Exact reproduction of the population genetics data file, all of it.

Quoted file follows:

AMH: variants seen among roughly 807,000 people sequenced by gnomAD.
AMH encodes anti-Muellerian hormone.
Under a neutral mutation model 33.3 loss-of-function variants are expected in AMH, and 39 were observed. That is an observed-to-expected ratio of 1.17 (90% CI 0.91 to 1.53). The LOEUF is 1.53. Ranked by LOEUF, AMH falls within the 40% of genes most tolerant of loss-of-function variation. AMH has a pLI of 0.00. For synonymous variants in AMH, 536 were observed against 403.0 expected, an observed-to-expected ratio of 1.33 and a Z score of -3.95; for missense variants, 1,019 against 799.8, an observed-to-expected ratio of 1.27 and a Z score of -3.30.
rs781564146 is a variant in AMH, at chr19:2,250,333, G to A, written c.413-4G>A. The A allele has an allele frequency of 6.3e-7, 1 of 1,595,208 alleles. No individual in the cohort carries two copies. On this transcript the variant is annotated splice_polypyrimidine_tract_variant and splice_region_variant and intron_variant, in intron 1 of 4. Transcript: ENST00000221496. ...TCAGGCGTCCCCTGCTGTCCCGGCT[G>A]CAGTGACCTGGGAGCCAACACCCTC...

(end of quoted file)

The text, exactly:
AMH: variants seen among roughly 807,000 people sequenced by gnomAD.
AMH encodes anti-Muellerian hormone.
Under a neutral mutation model 33.3 loss-of-function variants are expected in AMH, and 39 were observed. That is an observed-to-expected ratio of 1.17 (90% CI 0.91 to 1.53). The LOEUF is 1.53. Ranked by LOEUF, AMH falls within the 40% of genes most tolerant of loss-of-function variation. AMH has a pLI of 0.00. For synonymous variants in AMH, 536 were observed against 403.0 expected, an observed-to-expected ratio of 1.33 and a Z score of -3.95; for missense variants, 1,019 against 799.8, an observed-to-expected ratio of 1.27 and a Z score of -3.30.
rs781564146 is a variant in AMH, at chr19:2,250,333, G to A, written c.413-4G>A. The A allele has an allele frequency of 6.3e-7, 1 of 1,595,208 alleles. No individual in the cohort carries two copies. On this transcript the variant is annotated splice_polypyrimidine_tract_variant and splice_region_variant and intron_variant, in intron 1 of 4. Transcript: ENST00000221496. ...TCAGGCGTCCCCTGCTGTCCCGGCT[G>A]CAGTGACCTGGGAGCCAACACCCTC...